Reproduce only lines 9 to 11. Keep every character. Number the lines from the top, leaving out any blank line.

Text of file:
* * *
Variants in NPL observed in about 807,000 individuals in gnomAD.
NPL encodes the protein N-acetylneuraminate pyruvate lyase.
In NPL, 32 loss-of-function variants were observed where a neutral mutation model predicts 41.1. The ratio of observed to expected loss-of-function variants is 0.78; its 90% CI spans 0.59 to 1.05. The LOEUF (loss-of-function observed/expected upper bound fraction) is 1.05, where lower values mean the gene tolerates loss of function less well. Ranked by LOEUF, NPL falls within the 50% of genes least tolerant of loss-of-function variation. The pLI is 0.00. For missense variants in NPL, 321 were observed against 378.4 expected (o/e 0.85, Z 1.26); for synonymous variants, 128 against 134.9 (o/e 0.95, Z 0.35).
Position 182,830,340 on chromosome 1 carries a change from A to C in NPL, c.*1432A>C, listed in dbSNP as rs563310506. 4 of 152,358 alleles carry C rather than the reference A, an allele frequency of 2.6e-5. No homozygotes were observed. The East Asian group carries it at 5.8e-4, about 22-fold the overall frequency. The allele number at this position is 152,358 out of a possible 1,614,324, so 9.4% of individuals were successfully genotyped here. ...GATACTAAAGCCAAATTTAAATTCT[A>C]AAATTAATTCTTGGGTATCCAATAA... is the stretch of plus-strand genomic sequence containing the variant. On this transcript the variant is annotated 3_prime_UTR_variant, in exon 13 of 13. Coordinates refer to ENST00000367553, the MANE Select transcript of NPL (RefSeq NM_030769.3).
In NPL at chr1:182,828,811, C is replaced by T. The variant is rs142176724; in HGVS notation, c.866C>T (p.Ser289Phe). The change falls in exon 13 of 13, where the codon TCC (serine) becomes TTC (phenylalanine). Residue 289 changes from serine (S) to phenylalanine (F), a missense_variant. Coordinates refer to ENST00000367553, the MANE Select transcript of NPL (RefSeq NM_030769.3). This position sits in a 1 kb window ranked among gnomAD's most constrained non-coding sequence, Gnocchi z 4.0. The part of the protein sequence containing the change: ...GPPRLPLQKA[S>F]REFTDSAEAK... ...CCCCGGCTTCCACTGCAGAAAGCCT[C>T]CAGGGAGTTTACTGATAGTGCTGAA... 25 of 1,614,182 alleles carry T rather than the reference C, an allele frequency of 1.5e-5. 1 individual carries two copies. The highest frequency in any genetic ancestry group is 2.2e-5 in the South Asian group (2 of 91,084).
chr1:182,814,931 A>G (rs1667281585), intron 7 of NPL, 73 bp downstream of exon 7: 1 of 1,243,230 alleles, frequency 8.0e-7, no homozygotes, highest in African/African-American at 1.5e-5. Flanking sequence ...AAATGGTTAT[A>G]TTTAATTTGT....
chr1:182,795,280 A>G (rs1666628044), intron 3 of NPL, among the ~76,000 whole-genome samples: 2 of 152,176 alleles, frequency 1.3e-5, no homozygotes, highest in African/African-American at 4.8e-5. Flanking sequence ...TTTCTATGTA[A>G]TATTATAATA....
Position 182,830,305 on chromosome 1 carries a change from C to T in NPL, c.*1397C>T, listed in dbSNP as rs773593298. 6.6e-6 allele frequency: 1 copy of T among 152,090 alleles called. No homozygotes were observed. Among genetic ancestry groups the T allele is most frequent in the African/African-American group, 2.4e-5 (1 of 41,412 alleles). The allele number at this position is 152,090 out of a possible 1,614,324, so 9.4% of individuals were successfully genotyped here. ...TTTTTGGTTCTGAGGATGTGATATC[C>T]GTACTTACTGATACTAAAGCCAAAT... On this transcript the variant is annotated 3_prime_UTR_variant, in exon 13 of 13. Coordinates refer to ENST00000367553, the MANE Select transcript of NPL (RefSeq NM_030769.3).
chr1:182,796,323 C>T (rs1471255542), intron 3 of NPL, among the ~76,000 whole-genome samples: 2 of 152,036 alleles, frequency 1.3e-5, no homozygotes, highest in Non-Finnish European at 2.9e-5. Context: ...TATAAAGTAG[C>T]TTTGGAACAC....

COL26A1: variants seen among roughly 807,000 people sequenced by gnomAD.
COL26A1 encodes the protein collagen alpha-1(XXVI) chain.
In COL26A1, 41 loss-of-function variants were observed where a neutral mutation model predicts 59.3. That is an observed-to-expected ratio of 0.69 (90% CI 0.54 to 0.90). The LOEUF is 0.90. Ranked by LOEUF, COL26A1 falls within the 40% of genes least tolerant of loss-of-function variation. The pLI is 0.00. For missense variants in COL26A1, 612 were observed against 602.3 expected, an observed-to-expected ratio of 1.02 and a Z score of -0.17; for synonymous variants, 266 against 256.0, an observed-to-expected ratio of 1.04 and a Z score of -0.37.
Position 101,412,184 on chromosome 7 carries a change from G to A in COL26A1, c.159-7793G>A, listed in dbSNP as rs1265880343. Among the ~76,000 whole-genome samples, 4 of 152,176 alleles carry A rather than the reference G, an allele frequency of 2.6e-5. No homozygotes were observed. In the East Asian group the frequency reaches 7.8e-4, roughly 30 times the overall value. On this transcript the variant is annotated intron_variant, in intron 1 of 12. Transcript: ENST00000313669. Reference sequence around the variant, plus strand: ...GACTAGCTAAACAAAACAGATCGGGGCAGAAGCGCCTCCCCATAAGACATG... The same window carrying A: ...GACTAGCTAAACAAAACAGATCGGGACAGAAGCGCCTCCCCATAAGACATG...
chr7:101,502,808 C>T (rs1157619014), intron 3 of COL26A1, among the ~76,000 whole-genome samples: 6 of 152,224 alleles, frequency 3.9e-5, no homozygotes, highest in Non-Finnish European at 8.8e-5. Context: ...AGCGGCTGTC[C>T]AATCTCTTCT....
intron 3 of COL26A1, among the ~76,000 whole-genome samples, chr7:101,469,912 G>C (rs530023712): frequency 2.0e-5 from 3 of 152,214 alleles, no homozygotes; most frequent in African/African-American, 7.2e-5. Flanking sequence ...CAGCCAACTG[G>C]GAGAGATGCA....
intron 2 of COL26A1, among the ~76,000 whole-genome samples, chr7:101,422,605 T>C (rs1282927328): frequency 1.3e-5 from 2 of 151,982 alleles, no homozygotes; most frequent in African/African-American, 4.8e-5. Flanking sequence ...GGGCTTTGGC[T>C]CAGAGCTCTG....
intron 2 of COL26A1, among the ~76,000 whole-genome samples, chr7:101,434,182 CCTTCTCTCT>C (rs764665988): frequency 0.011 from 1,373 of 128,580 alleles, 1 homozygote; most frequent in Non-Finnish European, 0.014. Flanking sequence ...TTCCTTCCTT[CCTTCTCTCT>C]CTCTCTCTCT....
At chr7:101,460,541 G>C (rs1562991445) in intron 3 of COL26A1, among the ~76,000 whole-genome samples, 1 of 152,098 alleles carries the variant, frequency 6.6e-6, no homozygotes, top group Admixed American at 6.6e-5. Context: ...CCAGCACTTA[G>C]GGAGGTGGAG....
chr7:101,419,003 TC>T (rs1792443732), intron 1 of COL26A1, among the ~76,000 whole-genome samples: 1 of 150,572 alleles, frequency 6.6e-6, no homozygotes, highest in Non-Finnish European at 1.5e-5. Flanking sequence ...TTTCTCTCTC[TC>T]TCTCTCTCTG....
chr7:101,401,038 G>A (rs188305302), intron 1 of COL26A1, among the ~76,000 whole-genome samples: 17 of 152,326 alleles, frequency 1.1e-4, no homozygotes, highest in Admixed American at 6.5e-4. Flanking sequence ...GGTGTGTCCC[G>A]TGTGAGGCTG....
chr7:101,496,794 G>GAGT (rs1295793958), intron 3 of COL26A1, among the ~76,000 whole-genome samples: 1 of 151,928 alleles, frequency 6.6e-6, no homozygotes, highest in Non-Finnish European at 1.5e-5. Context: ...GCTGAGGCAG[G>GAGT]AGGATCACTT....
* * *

chr1:182,796,323 C>T (rs1471255542), intron 3 of NPL, among the ~76,000 whole-genome samples: 2 of 152,036 alleles, frequency 1.3e-5, no homozygotes, highest in Non-Finnish European at 2.9e-5. Context: ...TATAAAGTAG[C>T]TTTGGAACAC....

COL26A1: variants seen among roughly 807,000 people sequenced by gnomAD.
COL26A1 encodes the protein collagen alpha-1(XXVI) chain.